Determining Fault in a Left-Turn Collision

driver attempting to make a left-hand turnLeft-turn collisions often happen at intersections and stop signs. One driver may be going straight through the intersection while another driver is attempting to make a left-hand turn at the light. The driver going straight thinks he or she has the right of way. At the same time, the driver turning left thinks the driver going straight is required to stop, so he or she has the right of way.

If a collision happens, who is at fault? Is the driver turning left automatically liable or are there exceptions? Ontario law offers some guidance on this issue, but the answer can vary based on the unique facts of a case. Below, we further discuss how liability is established in a left-turn collision.

There is no cost to you to learn more about your potential legal options with a Windsor-based car accident lawyer from our firm. An initial consultation comes with no risk or obligation to move forward.

Common Causes of Left-Turn Collisions

Left-turn collisions are commonly caused by drivers who fail to follow Ontario’s right of way laws. The Highway Traffic Act does not dictate where a driver attempting to make a left-hand turn should wait at an intersection. However, it does require drivers turning left to make sure they can make a complete turn safely. Negligent behaviors that can lead to a left-turn collision include:

  • Misjudging the speed of oncoming vehicles
  • Miscalculating the distance across the intersection
  • Failing to signal before turning
  • Turning when there is an obstructed view
  • Trying to beat the light or other drivers approaching

Establishing Liability in a Left-Turn Collision

Generally, the driver turning left will be found liable for the collision. Drivers making a left-hand turn must maintain a proper lookout and yield to oncoming traffic until it is to safe to proceed.

At a yellow light, Ontario law allows drivers to proceed through an intersection with caution if they feel that it is unsafe to stop. However, what one driver may consider safe may not be safe to another driver. This is why drivers turning left should never assume that a driver going straight will stop.

An experienced lawyer could help prove fault in a left-turn collision by reviewing traffic laws, conducting an independent investigation into the collision and analyzing any filed police reports. The report may show that the other driver made an illegal left turn. Ontario drivers who make an improper left turn can receive a $110 fine and have two demerit points added to their driving record.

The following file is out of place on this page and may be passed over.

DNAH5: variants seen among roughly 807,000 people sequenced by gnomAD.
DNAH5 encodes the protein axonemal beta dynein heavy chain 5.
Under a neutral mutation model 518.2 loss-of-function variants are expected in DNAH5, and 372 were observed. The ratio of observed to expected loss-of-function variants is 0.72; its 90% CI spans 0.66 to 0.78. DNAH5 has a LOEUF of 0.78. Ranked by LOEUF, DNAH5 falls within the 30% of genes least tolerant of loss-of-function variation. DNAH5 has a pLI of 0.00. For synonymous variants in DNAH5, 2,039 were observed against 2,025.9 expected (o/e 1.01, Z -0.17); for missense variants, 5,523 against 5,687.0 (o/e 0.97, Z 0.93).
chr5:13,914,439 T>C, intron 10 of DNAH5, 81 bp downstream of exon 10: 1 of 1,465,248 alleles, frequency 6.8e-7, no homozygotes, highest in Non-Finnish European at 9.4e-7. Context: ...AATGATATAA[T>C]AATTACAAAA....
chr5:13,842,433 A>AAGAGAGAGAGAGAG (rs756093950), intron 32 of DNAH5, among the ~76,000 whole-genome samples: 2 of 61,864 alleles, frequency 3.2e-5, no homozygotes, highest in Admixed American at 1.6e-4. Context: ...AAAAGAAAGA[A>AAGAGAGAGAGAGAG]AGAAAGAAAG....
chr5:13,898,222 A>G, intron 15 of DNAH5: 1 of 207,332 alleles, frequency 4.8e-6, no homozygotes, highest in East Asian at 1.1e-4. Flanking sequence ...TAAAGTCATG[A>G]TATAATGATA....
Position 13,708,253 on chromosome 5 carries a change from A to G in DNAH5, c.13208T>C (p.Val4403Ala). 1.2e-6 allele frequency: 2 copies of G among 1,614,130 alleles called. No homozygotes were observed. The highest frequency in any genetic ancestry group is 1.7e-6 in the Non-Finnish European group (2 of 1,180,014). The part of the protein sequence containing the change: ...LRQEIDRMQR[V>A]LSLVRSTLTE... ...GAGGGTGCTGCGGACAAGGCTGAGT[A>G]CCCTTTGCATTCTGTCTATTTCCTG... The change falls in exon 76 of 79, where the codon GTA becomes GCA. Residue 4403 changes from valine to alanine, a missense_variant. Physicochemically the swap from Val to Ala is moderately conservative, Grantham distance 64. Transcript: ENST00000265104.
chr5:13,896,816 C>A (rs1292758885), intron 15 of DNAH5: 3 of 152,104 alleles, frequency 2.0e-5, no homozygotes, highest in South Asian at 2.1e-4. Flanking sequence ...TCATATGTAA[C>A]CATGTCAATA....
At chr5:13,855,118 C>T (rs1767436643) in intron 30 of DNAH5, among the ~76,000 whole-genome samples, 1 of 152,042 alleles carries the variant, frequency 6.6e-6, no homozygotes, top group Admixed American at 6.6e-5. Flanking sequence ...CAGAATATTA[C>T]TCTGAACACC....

Photos, video surveillance and eyewitness testimony can also be collected with the help of a lawyer in order to prove what happened at the time of the collision and build a strong case on your behalf.

It is also important to remember that Ontario is a no-fault insurance province, which means that even if you are partially or fully to blame for the collision, you may still be eligible to pursue compensation.

When the Other Driver May Be at Fault

It is a common misconception that the driver turning left is automatically at fault for a collision. Liability will depend on a number of different factors, including who had the right of way, the speed of the vehicles, the duties of each driver, and what a reasonable driver would have done in a similar situation.

There are times when the other driver may be at fault. Examples include:

  • He or she was speeding when approaching the intersection
  • He or she ran through a red light or stop sign
  • He or she was distracted and rear-ended the driver turning left

No Upfront Fees to Use Our Services

If you have been injured in a collision, our lawyers at Greg Monforton & Partners are here to help. We know what it takes to establish liability in these cases and are available anytime, day or night, to take your call. Our initial consultations are free of charge, and there are no upfront fees to use our services.

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